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Crabbing could be delayed by a late molt
With the recreational crab fishing season set to begin Friday in waters near Whidbey Island, the Washington Department of Fish and Wildlife is hoping the crabs will come through on their end of the bargain.
Last week, Ralph Downes, a fish and wildlife officer for the DFW, said the annual molting cycle of the Dungeness crab had not yet finished running its course. Recent tests of the crabs in the area have shown a large percentage of them still have soft shells in Marine Area 8-1 near the east side of Whidbey Island.
In order to open the fishery, Downes said that 80 percent of the Dungeness must have hard shells.
If the crabs cooperate, well certainly have it open by the June 4 opener, he said.
Marine Area 9 located on the west side of Whidbey Island opened as scheduled on Tuesday. Marine Area 8-2 has also been cleared to open in its entirety on Friday. Keeping the fishery boundaries simple is part of the DFWs plan to make the area rules easier to understand.
Were trying to avoid creating a lot of lines, Downes said. The more lines we create the more complicated it is.
The Puget Sound Anglers met in May to discuss the upcoming crab and fishing season with Downes. Downes educated the group about the DFWs plans to heavily patrol the area for violators, especially targeting those that have ignored the states regulations.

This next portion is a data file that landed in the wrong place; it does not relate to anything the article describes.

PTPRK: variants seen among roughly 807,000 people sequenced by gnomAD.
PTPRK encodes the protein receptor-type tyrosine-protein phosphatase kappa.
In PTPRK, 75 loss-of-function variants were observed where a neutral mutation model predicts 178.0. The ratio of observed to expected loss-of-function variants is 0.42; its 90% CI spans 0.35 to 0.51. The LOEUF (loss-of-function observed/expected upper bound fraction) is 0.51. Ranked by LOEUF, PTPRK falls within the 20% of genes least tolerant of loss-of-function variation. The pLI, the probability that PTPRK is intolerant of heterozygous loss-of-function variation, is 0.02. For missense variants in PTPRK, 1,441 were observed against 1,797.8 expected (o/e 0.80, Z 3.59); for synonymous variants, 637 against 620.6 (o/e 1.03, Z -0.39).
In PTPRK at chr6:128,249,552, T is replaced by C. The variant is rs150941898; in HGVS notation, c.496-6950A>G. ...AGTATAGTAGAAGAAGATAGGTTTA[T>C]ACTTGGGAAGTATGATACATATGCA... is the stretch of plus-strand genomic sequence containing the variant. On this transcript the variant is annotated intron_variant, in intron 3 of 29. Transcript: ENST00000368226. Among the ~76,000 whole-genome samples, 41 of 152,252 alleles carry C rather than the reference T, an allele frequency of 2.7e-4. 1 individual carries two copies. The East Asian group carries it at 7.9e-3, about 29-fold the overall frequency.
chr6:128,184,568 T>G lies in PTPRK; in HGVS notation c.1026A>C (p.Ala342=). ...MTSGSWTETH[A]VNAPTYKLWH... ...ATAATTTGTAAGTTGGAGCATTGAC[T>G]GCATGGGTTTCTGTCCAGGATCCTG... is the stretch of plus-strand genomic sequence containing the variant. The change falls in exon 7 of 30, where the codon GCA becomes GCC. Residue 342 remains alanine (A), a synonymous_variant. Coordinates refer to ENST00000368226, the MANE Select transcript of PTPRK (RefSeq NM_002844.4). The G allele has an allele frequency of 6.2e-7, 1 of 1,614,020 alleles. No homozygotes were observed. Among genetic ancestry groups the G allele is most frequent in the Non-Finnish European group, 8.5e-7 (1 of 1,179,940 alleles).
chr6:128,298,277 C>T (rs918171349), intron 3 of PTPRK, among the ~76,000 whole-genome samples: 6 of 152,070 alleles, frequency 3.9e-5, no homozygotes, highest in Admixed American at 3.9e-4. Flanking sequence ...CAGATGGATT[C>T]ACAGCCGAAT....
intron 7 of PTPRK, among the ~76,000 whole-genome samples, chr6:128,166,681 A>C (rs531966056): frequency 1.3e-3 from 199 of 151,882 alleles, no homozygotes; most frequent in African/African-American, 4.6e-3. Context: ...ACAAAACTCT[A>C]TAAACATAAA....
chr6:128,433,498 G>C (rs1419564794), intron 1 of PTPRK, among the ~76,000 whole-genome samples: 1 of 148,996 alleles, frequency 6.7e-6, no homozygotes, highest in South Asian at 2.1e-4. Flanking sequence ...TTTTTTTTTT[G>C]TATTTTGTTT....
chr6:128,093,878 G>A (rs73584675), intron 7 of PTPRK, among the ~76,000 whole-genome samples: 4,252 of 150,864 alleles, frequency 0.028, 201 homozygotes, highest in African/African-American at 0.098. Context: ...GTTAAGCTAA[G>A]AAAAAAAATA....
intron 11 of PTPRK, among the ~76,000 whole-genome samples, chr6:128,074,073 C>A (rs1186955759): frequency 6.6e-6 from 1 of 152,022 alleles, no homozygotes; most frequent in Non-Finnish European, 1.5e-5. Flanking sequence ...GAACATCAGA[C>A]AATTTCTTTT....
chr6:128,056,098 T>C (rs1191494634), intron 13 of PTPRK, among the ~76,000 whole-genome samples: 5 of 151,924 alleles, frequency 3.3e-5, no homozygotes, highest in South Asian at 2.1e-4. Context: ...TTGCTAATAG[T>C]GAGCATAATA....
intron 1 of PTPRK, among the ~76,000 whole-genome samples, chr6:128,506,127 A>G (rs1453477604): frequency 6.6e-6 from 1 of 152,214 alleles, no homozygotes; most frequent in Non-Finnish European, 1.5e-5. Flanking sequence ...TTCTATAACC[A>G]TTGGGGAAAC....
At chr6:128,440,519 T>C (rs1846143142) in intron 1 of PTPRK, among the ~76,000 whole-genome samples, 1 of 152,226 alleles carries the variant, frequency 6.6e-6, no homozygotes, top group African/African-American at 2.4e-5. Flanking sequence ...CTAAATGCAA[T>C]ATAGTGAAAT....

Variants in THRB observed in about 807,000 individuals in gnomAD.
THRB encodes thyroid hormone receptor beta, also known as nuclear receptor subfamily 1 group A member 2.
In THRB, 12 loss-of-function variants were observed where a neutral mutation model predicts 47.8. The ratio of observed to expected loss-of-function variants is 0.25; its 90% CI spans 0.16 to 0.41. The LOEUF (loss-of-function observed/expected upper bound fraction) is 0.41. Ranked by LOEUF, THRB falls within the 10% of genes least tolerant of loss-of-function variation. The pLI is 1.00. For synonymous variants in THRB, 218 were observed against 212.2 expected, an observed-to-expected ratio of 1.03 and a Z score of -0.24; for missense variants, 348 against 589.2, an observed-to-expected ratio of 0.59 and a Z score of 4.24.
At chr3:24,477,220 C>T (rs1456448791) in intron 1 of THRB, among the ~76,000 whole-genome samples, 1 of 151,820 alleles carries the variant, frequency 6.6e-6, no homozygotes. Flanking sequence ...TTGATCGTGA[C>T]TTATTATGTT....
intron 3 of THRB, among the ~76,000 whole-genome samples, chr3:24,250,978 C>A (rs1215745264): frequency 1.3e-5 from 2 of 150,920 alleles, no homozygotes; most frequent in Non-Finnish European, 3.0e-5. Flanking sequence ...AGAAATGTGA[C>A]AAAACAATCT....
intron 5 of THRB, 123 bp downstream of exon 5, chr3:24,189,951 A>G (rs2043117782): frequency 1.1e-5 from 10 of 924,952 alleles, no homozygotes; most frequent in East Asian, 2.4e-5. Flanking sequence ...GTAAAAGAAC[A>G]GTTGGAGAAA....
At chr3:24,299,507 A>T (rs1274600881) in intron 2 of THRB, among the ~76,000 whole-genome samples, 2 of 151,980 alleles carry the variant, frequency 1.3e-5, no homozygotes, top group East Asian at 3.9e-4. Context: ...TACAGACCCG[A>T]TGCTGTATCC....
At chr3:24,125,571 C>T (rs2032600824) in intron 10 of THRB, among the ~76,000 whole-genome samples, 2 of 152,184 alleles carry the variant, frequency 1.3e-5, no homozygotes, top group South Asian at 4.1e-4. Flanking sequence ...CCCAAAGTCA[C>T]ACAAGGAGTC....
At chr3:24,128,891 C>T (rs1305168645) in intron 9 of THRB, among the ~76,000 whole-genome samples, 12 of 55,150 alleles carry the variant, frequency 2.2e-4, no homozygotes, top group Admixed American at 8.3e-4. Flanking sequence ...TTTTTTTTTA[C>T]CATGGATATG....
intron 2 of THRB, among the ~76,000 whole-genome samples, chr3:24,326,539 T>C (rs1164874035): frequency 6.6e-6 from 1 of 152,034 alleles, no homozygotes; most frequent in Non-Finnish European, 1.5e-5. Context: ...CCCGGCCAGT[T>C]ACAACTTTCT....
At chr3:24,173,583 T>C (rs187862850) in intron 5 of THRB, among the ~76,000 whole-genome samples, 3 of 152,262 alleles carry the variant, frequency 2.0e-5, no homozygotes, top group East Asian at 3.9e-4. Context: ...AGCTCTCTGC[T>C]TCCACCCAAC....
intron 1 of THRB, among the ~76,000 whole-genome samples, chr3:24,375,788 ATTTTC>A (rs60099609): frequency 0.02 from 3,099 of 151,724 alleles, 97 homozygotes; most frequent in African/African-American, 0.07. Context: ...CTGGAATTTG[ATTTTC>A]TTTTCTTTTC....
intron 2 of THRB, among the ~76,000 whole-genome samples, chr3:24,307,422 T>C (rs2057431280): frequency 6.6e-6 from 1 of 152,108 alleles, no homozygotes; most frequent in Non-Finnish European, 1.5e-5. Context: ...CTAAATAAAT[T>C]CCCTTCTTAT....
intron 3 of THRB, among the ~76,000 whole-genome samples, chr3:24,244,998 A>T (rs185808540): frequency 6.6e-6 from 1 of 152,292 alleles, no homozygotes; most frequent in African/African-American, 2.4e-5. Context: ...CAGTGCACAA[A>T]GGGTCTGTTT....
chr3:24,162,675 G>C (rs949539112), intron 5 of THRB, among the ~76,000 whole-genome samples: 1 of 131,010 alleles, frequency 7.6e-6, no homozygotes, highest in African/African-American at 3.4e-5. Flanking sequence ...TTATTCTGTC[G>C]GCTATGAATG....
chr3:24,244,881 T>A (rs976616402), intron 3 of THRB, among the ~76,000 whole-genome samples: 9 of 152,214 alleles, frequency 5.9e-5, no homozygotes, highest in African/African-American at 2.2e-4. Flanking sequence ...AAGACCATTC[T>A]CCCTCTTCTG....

Downes strongly urged all licensed harvesters to focus on three requirements before and during harvesting. He said harvesters should first determine the area they are in is open for the season, and if certain days of the week have been specified for allowable fishing.
Harvesters should also make sure the species of crab caught can be retained. Dungeness crab and Red Rock crab both have a limit of six crabs. Only male Dungeness crab over 6.25 inches can be kept, and Red Rock crab can be either sex, but must be at least 5 inches.
Most importantly, Downes urged harvesters to immediately record their catches.
You need to record them on your catch record card right away, he said.
In other DFW news, clamming at Freeland Park has been closed for the year. Originally scheduled to close June 31, Downes said it was closed due to the high amount of harvesting that took place on the beach. The season will reopen in January 2005.
More tests and results on the crab development for Marine Area 8-1 were expected to be released Tuesday by the DFW, but was not available yet at press time.